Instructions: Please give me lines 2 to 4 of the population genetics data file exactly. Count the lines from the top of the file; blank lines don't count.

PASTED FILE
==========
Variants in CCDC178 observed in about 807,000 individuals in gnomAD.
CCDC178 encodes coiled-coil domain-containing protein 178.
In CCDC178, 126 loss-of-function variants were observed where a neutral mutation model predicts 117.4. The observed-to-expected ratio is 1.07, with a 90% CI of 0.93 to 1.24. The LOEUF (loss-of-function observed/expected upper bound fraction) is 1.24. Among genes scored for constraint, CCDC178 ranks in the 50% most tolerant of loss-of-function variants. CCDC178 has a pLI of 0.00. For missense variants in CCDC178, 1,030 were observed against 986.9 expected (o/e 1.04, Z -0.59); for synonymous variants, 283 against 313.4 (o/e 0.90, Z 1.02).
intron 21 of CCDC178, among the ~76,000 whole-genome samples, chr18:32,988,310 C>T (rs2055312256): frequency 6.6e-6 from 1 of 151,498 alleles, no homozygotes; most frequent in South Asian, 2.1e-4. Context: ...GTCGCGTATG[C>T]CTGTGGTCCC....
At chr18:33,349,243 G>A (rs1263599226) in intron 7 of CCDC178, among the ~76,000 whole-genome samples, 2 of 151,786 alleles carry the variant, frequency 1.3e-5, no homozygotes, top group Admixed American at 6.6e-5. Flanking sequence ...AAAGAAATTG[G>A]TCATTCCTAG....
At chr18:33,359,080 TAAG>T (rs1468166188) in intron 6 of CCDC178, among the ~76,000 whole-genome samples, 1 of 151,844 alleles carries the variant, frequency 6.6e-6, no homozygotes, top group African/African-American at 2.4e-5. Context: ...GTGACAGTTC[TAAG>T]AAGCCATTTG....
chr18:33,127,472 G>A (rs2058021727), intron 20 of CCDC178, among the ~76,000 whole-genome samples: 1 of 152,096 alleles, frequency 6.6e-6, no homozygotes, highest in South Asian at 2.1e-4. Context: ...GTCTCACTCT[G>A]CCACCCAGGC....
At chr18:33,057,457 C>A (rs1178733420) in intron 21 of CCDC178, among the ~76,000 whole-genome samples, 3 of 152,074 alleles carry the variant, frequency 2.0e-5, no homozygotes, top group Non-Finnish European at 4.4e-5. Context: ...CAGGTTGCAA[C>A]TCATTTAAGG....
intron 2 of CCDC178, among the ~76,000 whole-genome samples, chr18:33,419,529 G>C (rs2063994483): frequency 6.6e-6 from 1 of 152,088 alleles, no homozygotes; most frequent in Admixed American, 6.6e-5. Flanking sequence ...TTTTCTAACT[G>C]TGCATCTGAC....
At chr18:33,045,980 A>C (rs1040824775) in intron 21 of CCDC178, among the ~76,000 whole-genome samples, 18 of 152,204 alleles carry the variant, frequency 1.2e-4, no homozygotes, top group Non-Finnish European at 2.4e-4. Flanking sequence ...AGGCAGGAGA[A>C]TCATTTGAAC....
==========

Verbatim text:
CCDC178 encodes coiled-coil domain-containing protein 178.
In CCDC178, 126 loss-of-function variants were observed where a neutral mutation model predicts 117.4. The observed-to-expected ratio is 1.07, with a 90% CI of 0.93 to 1.24. The LOEUF (loss-of-function observed/expected upper bound fraction) is 1.24. Among genes scored for constraint, CCDC178 ranks in the 50% most tolerant of loss-of-function variants. CCDC178 has a pLI of 0.00. For missense variants in CCDC178, 1,030 were observed against 986.9 expected (o/e 1.04, Z -0.59); for synonymous variants, 283 against 313.4 (o/e 0.90, Z 1.02).
intron 21 of CCDC178, among the ~76,000 whole-genome samples, chr18:32,988,310 C>T (rs2055312256): frequency 6.6e-6 from 1 of 151,498 alleles, no homozygotes; most frequent in South Asian, 2.1e-4. Context: ...GTCGCGTATG[C>T]CTGTGGTCCC....